Best methods for sealing plumbing stack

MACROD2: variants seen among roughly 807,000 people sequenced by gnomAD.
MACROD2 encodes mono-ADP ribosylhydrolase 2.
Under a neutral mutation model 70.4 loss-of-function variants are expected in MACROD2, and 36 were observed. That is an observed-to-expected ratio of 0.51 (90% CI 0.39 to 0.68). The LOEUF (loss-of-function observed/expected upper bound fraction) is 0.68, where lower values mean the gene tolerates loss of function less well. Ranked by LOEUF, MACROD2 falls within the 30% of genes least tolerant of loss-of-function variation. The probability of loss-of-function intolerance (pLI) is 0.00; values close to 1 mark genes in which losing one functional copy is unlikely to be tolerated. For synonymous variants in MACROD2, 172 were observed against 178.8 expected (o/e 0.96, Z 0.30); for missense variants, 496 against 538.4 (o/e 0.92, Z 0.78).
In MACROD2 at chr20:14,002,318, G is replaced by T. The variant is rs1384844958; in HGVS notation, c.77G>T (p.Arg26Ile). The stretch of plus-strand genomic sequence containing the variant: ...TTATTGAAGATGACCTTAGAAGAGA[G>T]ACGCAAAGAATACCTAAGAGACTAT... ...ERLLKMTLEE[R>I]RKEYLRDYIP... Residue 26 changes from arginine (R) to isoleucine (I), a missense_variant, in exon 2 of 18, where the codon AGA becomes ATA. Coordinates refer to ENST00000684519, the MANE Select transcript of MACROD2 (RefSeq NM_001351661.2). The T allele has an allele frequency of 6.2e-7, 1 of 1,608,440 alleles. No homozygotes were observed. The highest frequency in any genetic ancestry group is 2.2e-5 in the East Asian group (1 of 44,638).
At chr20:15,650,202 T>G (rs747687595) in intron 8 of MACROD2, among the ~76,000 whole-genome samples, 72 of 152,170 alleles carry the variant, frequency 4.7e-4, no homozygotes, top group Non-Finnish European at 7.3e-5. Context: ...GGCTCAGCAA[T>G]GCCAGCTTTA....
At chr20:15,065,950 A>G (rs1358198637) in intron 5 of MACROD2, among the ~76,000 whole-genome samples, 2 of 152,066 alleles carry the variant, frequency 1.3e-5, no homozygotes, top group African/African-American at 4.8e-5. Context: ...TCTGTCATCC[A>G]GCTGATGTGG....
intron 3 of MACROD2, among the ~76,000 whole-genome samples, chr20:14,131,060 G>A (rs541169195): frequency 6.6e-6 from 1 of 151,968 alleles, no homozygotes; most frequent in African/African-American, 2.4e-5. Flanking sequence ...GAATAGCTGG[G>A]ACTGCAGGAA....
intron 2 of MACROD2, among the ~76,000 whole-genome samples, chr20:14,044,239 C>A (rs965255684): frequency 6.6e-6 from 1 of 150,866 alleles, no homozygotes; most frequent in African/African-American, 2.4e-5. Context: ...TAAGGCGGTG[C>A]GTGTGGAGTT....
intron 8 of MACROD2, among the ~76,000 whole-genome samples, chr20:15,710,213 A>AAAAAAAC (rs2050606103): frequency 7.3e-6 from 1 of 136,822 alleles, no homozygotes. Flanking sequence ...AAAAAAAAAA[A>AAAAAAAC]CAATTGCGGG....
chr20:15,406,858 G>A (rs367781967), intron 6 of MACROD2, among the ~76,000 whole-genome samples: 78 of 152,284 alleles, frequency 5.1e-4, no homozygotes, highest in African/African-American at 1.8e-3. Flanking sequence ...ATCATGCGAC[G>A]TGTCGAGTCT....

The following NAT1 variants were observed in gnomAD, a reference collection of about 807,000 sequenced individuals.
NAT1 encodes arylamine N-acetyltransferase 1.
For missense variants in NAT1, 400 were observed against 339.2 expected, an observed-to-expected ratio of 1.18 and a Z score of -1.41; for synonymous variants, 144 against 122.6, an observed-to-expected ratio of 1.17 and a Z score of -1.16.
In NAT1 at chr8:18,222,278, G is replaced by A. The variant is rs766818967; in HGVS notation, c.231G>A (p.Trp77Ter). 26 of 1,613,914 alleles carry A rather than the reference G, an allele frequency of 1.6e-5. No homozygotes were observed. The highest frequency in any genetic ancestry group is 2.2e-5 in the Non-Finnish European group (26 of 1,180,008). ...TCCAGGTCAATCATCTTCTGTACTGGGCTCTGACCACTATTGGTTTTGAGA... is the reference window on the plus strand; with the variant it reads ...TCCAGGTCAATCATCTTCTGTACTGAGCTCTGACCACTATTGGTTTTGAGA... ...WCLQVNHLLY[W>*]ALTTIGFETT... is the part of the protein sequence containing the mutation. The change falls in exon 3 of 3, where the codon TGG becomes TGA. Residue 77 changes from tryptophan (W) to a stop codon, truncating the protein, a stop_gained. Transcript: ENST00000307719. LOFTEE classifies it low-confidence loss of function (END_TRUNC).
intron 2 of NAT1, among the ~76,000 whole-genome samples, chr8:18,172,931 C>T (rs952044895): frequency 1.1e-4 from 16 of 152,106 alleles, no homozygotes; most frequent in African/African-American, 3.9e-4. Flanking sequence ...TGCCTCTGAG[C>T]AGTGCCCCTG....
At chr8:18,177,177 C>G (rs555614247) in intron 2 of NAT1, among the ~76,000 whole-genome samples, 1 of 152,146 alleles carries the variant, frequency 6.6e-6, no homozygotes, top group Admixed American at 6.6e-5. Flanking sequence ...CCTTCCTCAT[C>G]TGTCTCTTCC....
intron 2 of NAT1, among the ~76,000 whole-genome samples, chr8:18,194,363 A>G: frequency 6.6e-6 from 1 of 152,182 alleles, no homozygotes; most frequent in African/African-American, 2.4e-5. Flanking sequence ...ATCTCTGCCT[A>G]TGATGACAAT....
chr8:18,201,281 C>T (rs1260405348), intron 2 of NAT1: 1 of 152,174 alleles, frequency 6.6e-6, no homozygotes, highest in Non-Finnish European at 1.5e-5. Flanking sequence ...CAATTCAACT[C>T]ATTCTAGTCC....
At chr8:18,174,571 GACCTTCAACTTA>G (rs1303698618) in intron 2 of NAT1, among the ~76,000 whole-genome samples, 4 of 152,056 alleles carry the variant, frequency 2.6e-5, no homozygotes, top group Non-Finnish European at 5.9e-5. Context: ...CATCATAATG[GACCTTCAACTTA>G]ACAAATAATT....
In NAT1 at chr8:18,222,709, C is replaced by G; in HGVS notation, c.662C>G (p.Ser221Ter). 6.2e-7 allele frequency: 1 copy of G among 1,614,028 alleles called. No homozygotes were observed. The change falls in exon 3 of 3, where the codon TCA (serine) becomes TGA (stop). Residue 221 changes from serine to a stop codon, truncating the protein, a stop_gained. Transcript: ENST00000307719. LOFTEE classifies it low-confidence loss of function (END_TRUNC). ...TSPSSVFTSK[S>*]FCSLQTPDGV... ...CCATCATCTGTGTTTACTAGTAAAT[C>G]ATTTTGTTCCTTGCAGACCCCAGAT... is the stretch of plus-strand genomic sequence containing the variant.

A: There may be several methods to properly seal a plumbing stack as it enters the attic through the ceiling. I will provide you with the merits and disadvantages of your suggestions and you can decide on which method suits you best. It is a very good idea to make an attempt to airseal anything that penetrates the attic floor from the home. Successfully accomplishing this task will help prevent warm-air intrusion into the attic, which can lead to frost and moisture issues in our brutal winters. You must remember sealing this area will only stop a portion of the air leakage into your attic, so it may be a good idea to address other areas at the same time. One of these areas I frequently see improperly insulated, and poorly sealed, is the attic access hatch. It is true quite a bit of air leakage could be attributed to the gap around your main stack, but the attic hatch is often the worst area for air leakage from the home into the attic. Since you have to remove the hatch to access the attic for stack-sealing repairs, it makes perfect sense to fix it then. Many homes like yours have attic hatches that may be constructed from plywood or some form of particleboard. Plywood hatches are ideal, as they are somewhat moisture-resistant and the large amount of adhesives provides a reasonable air/vapour barrier, especially when painted. Particleboard, on the other side of the scale, is a poor choice for this use, as it tends to swell and deteriorate if it gets wet, especially at the edges. This can even cause them to jam against the sides of the attic hatch, making removal quite difficult. If you have a hatch cover constructed of this material, or other sheathing affected by moisture such as drywall, replacing it with G1S plywood sheathing will be a major improvement. Once you have your nicely fitted plywood hatch cover, supported by secure wooden cleats at the bottom of the hatch, the next thing to address is the insulation. Most hatches I see, regardless of the age of home, are normally insulated with fibreglass insulation on top. This may vary from a batt or two of fibreglass fit roughly to the size of the attic opening, to loose, blown-in material contained in a box constructed as the hatch cover. The problem with those installations is fibreglass is good thermal insulation, but a lousy air barrier, so any air that does leak around or through the hatch cover will easily make its way into the attic. Worse yet, it may cool considerably as it travels through the fibreglass, reaching its dew point and condensing inside the insulation. That will lead to frost and water damage to the hatch, and sometimes even dripping from the hatch itself. The simplest solution to this problem is to install extruded polystyrene on top of the attic hatch cover, instead of fibreglass. This material comes in large sheets, which can be easily cut with a utility knife and secured to the hatch with special adhesive. It is very light, so laminating a few layers of this insulation on top of the hatch will provide good thermal protection and an excellent air/vapour barrier. The final step is to install a good-quality weatherstrip on the top or sides of the cleats holding the plywood in place to prevent air leakage around your nice new attic hatch cover. The same approach can be taken with air-sealing your ABS plumbing stack. While the cellulose fibre insulation may be a good air/vapour barrier if enough thickness is present, it is doubtful that will be the current situation around the stack. Securing polyethylene sheathing around the stack will be effective in minimizing air leakage, but it can be very difficult to accomplish a good seal with this semi-rigid material. Even with liberally applied acoustical sealant, it can be quite tricky to get a good seal between the tubular stack and the attic floor. For that reason, foam insulation may be a better bet. This can be most easily done with a can or two of blown-in polyurethane foam, but that material is only a moderately good air/vapour barrier, unless applied in several layers. One possible air-sealing method you have not mentioned is to cut a small piece of rigid extruded polystyrene slightly larger than the opening around the stack. This can then be cut in half, with two semicircles, fit to the size of the stack, carved to make a tight fit when joined together. This collar can then be fitted and sealed tight to the attic floor and caulked around the stack from above. It may also be possible to blow a small amount of foam underneath and above this rigid collar, to seal this area even better. There may be several ways to air-seal the attic floor around your plumbing stack, but there are other areas to consider improving at the same time. Using various types of foam insulation, rigid or blown in from a can, should give you the best job with the least amount of effort.